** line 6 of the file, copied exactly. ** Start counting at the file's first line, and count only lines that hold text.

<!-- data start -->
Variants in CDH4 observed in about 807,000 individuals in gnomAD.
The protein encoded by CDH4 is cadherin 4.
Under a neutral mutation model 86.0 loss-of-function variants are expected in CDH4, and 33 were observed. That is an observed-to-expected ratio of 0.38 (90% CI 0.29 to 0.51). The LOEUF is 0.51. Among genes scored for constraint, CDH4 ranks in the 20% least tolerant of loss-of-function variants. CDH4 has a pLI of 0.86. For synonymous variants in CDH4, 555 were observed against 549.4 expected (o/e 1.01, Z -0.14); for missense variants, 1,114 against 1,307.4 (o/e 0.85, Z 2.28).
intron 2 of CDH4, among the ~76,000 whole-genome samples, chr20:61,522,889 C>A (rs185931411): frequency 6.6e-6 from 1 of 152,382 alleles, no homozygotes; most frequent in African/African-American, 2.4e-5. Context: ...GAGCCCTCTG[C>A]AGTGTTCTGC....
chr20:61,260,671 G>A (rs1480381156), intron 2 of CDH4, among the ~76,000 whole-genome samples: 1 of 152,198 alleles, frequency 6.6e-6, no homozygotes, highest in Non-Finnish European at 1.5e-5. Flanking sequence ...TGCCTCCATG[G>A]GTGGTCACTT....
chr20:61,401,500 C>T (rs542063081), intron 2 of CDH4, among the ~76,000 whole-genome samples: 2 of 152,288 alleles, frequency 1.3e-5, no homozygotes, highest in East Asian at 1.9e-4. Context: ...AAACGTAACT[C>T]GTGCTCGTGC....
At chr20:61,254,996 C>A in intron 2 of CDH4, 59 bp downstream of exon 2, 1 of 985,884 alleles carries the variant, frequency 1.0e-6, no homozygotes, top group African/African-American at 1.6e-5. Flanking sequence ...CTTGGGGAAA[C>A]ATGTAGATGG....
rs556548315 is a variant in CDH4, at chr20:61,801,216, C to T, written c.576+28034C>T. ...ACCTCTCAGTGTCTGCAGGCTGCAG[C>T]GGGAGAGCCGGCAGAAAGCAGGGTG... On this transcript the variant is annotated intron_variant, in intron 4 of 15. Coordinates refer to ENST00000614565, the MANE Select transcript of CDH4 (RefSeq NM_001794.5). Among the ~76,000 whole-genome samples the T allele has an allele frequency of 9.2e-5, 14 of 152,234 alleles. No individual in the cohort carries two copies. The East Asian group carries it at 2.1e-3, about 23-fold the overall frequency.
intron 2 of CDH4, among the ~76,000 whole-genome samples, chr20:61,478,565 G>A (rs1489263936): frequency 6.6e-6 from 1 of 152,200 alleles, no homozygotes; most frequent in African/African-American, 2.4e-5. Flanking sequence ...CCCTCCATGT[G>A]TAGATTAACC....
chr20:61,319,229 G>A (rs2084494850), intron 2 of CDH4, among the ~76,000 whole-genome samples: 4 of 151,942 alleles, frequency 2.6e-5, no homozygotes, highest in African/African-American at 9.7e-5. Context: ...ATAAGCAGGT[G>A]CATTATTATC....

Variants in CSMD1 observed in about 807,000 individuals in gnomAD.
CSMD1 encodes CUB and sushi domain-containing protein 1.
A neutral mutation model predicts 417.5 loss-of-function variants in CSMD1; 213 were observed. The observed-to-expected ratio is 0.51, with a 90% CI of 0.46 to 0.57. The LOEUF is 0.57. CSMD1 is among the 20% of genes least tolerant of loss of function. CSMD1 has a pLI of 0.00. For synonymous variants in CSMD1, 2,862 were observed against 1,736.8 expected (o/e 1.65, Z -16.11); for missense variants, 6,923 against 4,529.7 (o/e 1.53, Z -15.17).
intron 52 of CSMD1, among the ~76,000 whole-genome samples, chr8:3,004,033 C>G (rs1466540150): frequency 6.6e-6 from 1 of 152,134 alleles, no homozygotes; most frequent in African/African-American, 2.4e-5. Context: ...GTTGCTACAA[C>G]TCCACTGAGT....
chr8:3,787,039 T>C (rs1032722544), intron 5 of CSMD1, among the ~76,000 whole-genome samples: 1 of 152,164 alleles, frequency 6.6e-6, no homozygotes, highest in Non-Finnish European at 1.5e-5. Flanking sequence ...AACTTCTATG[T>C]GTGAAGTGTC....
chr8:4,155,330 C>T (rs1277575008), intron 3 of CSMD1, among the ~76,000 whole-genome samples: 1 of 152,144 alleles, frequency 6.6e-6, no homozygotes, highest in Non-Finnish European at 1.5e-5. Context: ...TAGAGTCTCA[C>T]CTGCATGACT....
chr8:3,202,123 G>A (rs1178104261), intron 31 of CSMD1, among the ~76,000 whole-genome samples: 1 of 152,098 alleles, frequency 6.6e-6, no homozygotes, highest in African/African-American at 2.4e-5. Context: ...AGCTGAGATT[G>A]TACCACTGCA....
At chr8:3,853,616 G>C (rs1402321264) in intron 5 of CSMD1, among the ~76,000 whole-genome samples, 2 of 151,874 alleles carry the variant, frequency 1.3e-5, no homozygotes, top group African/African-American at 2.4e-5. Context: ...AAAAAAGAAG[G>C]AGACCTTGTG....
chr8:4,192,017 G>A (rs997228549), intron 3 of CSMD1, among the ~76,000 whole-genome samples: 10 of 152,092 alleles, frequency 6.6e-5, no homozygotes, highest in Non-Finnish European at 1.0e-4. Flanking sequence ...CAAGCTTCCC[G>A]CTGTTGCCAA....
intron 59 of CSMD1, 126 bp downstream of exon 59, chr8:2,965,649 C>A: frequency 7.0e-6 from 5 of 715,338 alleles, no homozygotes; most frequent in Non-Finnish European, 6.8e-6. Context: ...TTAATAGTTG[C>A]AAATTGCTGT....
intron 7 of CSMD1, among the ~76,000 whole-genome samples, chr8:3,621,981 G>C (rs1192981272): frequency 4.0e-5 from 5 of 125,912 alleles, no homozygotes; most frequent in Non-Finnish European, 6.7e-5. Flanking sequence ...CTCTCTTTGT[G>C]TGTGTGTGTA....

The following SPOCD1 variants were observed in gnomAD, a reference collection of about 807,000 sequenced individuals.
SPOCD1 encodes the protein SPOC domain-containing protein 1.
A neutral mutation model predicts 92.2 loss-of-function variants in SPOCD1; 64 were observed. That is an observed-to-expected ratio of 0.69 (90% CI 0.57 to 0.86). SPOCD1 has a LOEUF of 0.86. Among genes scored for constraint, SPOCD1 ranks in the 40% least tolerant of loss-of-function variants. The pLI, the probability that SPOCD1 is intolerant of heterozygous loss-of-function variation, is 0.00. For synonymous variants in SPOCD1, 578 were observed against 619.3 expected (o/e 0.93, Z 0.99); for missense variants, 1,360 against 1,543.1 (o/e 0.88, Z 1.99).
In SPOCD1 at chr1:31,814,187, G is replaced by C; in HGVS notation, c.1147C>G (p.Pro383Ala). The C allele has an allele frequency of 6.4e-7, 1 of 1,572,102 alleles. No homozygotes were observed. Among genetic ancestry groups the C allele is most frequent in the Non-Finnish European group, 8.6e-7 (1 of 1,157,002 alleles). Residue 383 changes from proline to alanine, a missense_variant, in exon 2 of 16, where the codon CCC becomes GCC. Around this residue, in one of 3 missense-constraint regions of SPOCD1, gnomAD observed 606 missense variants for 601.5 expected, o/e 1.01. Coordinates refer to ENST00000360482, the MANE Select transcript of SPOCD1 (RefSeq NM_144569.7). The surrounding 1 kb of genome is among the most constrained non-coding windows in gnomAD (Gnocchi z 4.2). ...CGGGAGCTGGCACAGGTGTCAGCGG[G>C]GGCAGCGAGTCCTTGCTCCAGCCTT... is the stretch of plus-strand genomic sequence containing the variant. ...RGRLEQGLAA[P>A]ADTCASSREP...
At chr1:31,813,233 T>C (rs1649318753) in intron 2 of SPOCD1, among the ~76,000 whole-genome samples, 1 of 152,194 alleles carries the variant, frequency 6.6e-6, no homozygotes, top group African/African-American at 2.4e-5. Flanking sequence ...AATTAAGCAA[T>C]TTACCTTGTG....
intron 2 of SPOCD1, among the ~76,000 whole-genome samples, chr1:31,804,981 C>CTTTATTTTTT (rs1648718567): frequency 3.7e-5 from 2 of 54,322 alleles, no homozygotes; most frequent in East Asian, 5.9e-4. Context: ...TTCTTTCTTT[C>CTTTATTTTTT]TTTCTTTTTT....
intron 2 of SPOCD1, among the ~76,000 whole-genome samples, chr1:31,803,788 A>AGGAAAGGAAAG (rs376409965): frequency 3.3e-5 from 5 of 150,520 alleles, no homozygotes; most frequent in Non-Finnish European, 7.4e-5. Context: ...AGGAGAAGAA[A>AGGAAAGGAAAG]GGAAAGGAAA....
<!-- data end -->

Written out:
chr20:61,401,500 C>T (rs542063081), intron 2 of CDH4, among the ~76,000 whole-genome samples: 2 of 152,288 alleles, frequency 1.3e-5, no homozygotes, highest in East Asian at 1.9e-4. Context: ...AAACGTAACT[C>T]GTGCTCGTGC....